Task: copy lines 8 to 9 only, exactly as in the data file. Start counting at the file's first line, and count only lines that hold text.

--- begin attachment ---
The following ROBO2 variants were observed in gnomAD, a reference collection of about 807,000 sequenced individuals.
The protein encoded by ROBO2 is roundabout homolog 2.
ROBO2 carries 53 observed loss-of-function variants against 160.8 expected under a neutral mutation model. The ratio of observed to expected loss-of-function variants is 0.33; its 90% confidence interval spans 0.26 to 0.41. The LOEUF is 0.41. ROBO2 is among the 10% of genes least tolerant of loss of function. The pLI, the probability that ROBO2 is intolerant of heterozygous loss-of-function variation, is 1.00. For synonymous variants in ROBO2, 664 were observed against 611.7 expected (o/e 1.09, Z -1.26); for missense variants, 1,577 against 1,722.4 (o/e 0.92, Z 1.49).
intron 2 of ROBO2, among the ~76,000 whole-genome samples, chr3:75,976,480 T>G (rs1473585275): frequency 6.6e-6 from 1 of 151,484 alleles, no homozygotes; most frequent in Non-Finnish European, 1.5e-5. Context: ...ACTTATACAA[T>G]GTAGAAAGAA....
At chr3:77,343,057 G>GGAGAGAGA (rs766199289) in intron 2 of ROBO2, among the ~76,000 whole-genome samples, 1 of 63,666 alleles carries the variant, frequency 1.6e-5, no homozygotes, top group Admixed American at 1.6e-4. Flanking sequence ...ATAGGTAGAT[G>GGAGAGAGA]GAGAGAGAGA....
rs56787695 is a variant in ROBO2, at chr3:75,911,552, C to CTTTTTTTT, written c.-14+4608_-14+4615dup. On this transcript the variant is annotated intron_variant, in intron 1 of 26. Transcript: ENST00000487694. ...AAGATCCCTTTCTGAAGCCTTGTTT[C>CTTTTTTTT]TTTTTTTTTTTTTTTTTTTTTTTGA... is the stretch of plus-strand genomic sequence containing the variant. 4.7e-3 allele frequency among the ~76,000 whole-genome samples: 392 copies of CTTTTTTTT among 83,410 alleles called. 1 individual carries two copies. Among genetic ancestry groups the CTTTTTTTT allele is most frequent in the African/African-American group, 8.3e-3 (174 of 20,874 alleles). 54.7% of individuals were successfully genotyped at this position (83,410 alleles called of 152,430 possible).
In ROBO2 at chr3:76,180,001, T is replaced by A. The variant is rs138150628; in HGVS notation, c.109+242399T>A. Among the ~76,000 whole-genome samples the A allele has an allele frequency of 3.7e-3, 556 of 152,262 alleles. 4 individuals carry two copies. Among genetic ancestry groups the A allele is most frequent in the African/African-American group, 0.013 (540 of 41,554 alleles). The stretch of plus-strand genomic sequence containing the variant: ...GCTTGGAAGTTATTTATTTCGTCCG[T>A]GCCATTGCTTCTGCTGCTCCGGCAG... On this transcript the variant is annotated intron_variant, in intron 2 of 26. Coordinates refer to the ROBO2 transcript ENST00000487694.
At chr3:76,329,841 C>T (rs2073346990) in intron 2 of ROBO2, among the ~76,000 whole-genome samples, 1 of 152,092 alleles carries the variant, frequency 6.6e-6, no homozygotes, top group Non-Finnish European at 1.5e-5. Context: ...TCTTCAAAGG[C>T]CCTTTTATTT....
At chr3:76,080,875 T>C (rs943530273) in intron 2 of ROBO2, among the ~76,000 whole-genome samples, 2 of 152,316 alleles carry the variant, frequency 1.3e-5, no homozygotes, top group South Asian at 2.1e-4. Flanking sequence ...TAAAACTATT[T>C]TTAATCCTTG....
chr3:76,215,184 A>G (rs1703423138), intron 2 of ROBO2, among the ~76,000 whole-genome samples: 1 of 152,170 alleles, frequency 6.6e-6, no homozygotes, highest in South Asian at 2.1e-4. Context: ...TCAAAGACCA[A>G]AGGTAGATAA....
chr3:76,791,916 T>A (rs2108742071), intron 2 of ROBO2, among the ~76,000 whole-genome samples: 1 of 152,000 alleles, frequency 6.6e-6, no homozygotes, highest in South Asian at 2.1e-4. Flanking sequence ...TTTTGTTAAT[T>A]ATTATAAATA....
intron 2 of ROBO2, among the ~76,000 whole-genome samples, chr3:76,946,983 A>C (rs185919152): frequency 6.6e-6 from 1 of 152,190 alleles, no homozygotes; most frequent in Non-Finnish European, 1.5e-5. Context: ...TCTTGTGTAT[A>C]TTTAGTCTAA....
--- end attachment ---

At chr3:76,329,841 C>T (rs2073346990) in intron 2 of ROBO2, among the ~76,000 whole-genome samples, 1 of 152,092 alleles carries the variant, frequency 6.6e-6, no homozygotes, top group Non-Finnish European at 1.5e-5. Context: ...TCTTCAAAGG[C>T]CCTTTTATTT....
At chr3:76,080,875 T>C (rs943530273) in intron 2 of ROBO2, among the ~76,000 whole-genome samples, 2 of 152,316 alleles carry the variant, frequency 1.3e-5, no homozygotes, top group South Asian at 2.1e-4. Flanking sequence ...TAAAACTATT[T>C]TTAATCCTTG....